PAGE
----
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Fukushima water release starts Thursday

The Fukushima nuclear plant.

The Fukushima nuclear plant. Photo: AAP

More than one million metric tonnes of treated radioactive water will begin to be released from Japan’s wrecked Fukushima nuclear power plant from Thursday in a plan that has drawn strong criticism from China.

The plan, approved two years ago by the Japanese government as crucial to decommissioning the plant operated by Tokyo Electric Power Company (Tepco), has also faced criticism from local fishing groups, who fear reputational damage and a threat to their livelihood.

“I have asked Tepco to swiftly prepare for the water discharge in accordance with the plan approved by the Nuclear Regulation Authority, and expect the water release to start on August 24, weather conditions permitting,” Prime Minister Fumio Kishida said on Tuesday.

The announcement comes a day after the government said it had won “a degree of understanding” from the fishing industry over the release of the water, even as a fishing group said it still feared the reputational damage would ruin livelihoods.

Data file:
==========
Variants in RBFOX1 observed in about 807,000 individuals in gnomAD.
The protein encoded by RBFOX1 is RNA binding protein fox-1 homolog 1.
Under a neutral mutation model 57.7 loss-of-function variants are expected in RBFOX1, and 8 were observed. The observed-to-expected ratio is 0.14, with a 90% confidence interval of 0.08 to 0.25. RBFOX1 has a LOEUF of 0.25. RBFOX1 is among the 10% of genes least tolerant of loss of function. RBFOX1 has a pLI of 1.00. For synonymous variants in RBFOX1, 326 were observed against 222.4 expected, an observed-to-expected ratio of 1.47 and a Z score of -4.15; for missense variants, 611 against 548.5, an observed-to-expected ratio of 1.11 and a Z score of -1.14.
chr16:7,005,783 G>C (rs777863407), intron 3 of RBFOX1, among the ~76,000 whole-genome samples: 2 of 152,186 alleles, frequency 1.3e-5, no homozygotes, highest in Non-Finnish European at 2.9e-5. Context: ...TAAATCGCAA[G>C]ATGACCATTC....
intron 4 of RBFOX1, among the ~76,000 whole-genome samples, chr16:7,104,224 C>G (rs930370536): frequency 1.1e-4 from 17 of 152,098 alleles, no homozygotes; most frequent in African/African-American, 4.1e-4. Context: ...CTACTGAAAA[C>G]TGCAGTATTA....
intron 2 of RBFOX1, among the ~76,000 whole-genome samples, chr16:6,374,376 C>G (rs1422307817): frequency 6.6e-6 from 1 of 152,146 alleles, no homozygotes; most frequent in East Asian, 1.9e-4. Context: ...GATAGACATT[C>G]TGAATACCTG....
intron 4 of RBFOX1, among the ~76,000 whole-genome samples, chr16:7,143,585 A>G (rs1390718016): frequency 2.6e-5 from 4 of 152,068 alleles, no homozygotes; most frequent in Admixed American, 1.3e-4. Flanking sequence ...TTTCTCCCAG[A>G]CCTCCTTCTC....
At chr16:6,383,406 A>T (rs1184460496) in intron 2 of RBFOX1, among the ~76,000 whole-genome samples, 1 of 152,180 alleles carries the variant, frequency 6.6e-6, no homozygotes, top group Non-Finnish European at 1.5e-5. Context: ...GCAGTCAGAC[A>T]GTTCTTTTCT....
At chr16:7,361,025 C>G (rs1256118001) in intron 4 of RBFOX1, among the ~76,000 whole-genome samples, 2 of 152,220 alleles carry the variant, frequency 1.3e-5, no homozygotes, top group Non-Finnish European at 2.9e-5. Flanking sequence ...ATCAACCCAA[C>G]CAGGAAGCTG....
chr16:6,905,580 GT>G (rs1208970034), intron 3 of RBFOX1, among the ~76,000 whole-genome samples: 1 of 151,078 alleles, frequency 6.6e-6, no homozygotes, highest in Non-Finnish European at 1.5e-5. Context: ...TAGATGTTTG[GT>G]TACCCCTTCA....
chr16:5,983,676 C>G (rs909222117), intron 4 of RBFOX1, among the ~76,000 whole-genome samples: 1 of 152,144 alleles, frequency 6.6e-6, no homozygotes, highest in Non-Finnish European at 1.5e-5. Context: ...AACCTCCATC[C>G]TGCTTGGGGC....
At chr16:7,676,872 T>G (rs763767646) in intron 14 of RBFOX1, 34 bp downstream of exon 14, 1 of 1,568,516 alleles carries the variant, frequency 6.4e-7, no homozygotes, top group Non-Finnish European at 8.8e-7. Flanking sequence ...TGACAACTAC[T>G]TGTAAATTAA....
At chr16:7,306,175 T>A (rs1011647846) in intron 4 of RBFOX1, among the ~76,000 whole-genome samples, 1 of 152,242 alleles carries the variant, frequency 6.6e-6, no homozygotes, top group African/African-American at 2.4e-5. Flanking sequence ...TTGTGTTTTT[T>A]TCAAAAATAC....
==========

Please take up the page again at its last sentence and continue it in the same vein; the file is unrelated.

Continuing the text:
The first batch of nuclear water that will be released starting Thursday will total 7800 cubic metres over about 17 days, Tepco said at a briefing on Tuesday.

That water will contain about 190 becquerels (units of radioactivity) of tritium per litre, below the World Health Organisation drinking limit of 10,000 becquerels per litre, according to Tepco. 

Japan has said that the water release is safe. The International Atomic Energy Agency (IAEA), the UN nuclear watchdog, greenlighted the plan in July, saying it met international standards and the impact it would have on people and the environment was “negligible”.

Despite assurances, some neighbouring countries have expressed scepticism over the safety of the plan, with Beijing emerging as the biggest critic. 

Foreign ministry spokesman Wang Wenbin said in July that Japan had shown selfishness and arrogance, and had not fully consulted the international community about the water release.

China bans seafood imports from 10 prefectures in Japan, including Fukushima and the capital, Tokyo.

South Korean activists have also protested the plan, although Seoul has concluded from its own study that the water release meets international standards and said it respects the IAEA’s assessment.

Prime Minister Kishida said on Tuesday he believed an “accurate understanding” of the matter was spreading in the international community.

The water was used to cool the fuel rods of Fukushima Daiichi after it melted down in an accident caused by a huge tsunami in 2011 that battered Japan’s eastern coast.

-AAP

Topics: Fukushima
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